Air New Zealand’s board and management have been developing and implementing a decarbonisation strategy through risk committees, regular ‘deep dive’s’, a sustainability advisory panel and working with experts.

“Sustainable aviation fuel alternatives will be the number one thing to reduce carbon emissions, but we will also be gradually sourcing aircraft that use low carbon technology followed by activities that have been well underway like getting rid of plastics onboard,” says Dame Therese.

“We’ve been proactive and developed good partnerships with multiple manufacturers and technology innovators.  We will replace all our new jets by the end of this decade.”

Air New Zealand Director and a long-time leader in the transport industry, Dean Bracewell, says it also makes good commercial sense to address climate change because they’re seeing a change in consumers who want to be informed and corporate customers who have to meet their goals.

‘We risk losing the support of the traveling public if we don’t get it right. But it also creates an opportunity; not all airlines will work at the same pace, so for Air New Zealand to keep progressing will create a competitive advantage.”

Running the main gateway to New Zealand, means Auckland Airport directors know it is essential to find a solution to the carbon reduction requirements.

“It’s easy to say we should cut back on overseas holidays, but the reality is New Zealand is a trading nation and it is essential we are in contact with our trading partners, plus a major amount of our trade goes in and out of the county in the bellies of passenger airplanes,” says Chair Patrick Strange.

He says climate change has been front and centre of the Auckland Airport board for a long time, initially focusing on the impact of rising sea levels on the airport, but more recently working closely with airlines to be in a position to support the emerging low-carbon aircraft technologies. These include having the infrastructure to support alternative fuels: appropriate underground pipes, storage tanks, and electricity grids, for a start.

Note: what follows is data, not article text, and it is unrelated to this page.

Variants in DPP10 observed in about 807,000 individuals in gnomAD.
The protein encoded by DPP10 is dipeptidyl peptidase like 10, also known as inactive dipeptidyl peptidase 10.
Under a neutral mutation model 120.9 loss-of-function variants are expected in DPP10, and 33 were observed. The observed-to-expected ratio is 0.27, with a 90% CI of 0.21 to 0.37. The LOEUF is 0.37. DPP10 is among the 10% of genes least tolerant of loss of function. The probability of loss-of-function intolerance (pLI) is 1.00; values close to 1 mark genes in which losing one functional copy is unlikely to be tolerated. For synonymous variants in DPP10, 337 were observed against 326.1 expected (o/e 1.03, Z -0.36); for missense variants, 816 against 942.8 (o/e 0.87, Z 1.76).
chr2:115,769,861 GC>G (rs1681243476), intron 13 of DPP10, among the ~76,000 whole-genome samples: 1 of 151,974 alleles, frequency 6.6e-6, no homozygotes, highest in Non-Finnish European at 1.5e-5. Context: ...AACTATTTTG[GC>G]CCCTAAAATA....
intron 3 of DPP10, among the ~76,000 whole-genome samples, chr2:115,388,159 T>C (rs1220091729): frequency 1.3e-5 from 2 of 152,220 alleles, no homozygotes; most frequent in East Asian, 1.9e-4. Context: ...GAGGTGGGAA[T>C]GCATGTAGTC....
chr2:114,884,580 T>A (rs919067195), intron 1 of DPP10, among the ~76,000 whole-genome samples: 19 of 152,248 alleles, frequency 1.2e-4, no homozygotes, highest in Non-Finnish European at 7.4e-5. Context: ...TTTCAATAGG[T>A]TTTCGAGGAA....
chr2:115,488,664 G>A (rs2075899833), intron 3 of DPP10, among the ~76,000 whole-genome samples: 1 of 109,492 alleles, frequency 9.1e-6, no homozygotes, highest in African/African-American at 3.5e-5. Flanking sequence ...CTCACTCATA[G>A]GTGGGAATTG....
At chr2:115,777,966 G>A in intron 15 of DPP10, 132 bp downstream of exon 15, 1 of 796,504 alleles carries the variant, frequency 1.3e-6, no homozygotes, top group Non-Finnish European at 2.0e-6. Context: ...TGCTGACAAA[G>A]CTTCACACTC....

“We are in very good shape to meet our net zero by 2030 commitment for our own emissions, but these are dwarfed by what the airlines produce in the air.”  

Dr Strange says the pressure to address climate change that is driving directors comes from both customers and shareholders, particularly the international investment community.

“But we are all committed to this. Everyone wants to do the right thing.  We all live on this planet, and we are all worried about the world we leave for the next generation”.

June Webinar: Director Lens on Reducing Emissions
Thursday 30 June, 5.00-6.15pm

How does a national airline go about reducing its carbon emissions and what relevance might this have for other businesses looking to reduce their own carbon footprint?

Join us in June to hear from Air New Zealand Chair Dame Therese Walsh and fellow director Dean Bracewell about Flight NZ0 – Air NZ’s commitment to reaching net-zero carbon emissions by 2050. This will be a first-hand account of some of the challenges, lessons and experiences from around the Air NZ board table.

We will also hear from Secretary for the Environment Vicky Robertson, about governance implications from the recently released Emissions Reduction Plan. Vicky will share a deep dive into some of the key recommendations of the plan and how they will impact New Zealand businesses.